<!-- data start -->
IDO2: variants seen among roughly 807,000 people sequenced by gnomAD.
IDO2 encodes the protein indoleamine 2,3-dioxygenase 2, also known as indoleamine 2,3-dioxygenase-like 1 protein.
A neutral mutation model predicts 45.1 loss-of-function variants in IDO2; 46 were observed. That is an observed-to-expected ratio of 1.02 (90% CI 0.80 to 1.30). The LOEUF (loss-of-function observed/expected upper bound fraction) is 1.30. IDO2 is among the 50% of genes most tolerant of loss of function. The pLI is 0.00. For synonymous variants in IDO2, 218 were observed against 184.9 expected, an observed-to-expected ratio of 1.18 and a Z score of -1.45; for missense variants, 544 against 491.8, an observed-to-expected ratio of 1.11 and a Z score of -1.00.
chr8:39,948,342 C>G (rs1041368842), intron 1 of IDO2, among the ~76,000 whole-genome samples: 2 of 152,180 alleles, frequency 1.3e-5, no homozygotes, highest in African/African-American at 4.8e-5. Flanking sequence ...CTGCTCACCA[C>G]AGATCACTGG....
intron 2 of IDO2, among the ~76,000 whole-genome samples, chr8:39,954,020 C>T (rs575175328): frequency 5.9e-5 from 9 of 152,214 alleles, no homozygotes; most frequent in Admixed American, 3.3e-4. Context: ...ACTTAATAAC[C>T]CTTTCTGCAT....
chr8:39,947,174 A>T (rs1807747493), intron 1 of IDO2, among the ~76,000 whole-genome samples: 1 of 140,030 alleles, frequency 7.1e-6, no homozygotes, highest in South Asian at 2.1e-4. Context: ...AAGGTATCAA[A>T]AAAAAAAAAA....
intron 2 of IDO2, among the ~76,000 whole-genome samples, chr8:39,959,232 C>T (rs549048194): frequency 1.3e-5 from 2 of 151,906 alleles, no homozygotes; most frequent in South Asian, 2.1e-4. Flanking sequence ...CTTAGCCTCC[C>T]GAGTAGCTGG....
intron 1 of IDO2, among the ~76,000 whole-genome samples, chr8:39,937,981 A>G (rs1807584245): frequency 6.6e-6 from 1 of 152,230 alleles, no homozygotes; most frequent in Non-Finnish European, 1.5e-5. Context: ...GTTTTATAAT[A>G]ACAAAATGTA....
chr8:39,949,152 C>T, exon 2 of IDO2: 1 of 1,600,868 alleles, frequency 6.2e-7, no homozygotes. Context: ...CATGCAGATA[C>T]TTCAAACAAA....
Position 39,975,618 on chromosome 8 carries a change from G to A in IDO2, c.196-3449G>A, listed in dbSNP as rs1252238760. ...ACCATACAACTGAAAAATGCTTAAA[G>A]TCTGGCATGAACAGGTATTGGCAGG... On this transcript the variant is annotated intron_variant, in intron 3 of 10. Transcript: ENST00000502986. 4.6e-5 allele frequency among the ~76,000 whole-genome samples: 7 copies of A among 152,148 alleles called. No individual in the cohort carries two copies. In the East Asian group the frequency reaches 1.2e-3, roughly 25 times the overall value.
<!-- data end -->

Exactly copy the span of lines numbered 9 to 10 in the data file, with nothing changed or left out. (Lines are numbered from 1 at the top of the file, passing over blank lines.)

chr8:39,949,152 C>T, exon 2 of IDO2: 1 of 1,600,868 alleles, frequency 6.2e-7, no homozygotes. Context: ...CATGCAGATA[C>T]TTCAAACAAA....
Position 39,975,618 on chromosome 8 carries a change from G to A in IDO2, c.196-3449G>A, listed in dbSNP as rs1252238760. ...ACCATACAACTGAAAAATGCTTAAA[G>A]TCTGGCATGAACAGGTATTGGCAGG... On this transcript the variant is annotated intron_variant, in intron 3 of 10. Transcript: ENST00000502986. 4.6e-5 allele frequency among the ~76,000 whole-genome samples: 7 copies of A among 152,148 alleles called. No individual in the cohort carries two copies. In the East Asian group the frequency reaches 1.2e-3, roughly 25 times the overall value.